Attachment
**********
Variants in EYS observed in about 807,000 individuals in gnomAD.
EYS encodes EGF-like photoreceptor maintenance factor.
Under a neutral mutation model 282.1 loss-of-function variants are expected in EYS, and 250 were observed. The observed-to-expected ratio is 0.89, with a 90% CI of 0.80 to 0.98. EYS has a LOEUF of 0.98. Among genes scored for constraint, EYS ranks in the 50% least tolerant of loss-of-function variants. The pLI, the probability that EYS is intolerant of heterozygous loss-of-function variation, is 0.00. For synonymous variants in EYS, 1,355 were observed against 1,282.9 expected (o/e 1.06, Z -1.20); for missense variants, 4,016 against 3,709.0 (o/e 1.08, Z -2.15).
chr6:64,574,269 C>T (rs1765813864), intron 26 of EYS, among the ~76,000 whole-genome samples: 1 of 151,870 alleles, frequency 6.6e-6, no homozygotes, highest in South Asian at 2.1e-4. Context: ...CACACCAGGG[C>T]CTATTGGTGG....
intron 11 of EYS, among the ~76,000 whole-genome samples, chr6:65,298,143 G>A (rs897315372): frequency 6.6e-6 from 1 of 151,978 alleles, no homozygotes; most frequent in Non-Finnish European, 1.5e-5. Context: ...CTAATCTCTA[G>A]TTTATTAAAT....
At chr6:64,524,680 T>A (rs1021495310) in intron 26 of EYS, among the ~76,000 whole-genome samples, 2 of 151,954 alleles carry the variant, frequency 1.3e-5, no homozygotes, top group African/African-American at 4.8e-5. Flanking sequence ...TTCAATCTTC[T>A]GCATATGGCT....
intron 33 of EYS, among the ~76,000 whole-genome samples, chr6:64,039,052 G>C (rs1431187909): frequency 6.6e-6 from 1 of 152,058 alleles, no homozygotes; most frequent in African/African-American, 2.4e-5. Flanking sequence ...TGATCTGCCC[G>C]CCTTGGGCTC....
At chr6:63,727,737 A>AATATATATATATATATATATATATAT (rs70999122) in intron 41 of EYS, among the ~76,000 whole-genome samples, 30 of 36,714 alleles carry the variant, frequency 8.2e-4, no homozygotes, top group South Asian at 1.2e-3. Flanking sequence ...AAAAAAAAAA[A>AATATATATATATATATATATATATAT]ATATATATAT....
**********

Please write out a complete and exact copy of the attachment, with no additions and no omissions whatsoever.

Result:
Variants in EYS observed in about 807,000 individuals in gnomAD.
EYS encodes EGF-like photoreceptor maintenance factor.
Under a neutral mutation model 282.1 loss-of-function variants are expected in EYS, and 250 were observed. The observed-to-expected ratio is 0.89, with a 90% CI of 0.80 to 0.98. EYS has a LOEUF of 0.98. Among genes scored for constraint, EYS ranks in the 50% least tolerant of loss-of-function variants. The pLI, the probability that EYS is intolerant of heterozygous loss-of-function variation, is 0.00. For synonymous variants in EYS, 1,355 were observed against 1,282.9 expected (o/e 1.06, Z -1.20); for missense variants, 4,016 against 3,709.0 (o/e 1.08, Z -2.15).
chr6:64,574,269 C>T (rs1765813864), intron 26 of EYS, among the ~76,000 whole-genome samples: 1 of 151,870 alleles, frequency 6.6e-6, no homozygotes, highest in South Asian at 2.1e-4. Context: ...CACACCAGGG[C>T]CTATTGGTGG....
intron 11 of EYS, among the ~76,000 whole-genome samples, chr6:65,298,143 G>A (rs897315372): frequency 6.6e-6 from 1 of 151,978 alleles, no homozygotes; most frequent in Non-Finnish European, 1.5e-5. Context: ...CTAATCTCTA[G>A]TTTATTAAAT....
At chr6:64,524,680 T>A (rs1021495310) in intron 26 of EYS, among the ~76,000 whole-genome samples, 2 of 151,954 alleles carry the variant, frequency 1.3e-5, no homozygotes, top group African/African-American at 4.8e-5. Flanking sequence ...TTCAATCTTC[T>A]GCATATGGCT....
intron 33 of EYS, among the ~76,000 whole-genome samples, chr6:64,039,052 G>C (rs1431187909): frequency 6.6e-6 from 1 of 152,058 alleles, no homozygotes; most frequent in African/African-American, 2.4e-5. Flanking sequence ...TGATCTGCCC[G>C]CCTTGGGCTC....
At chr6:63,727,737 A>AATATATATATATATATATATATATAT (rs70999122) in intron 41 of EYS, among the ~76,000 whole-genome samples, 30 of 36,714 alleles carry the variant, frequency 8.2e-4, no homozygotes, top group South Asian at 1.2e-3. Flanking sequence ...AAAAAAAAAA[A>AATATATATATATATATATATATATAT]ATATATATAT....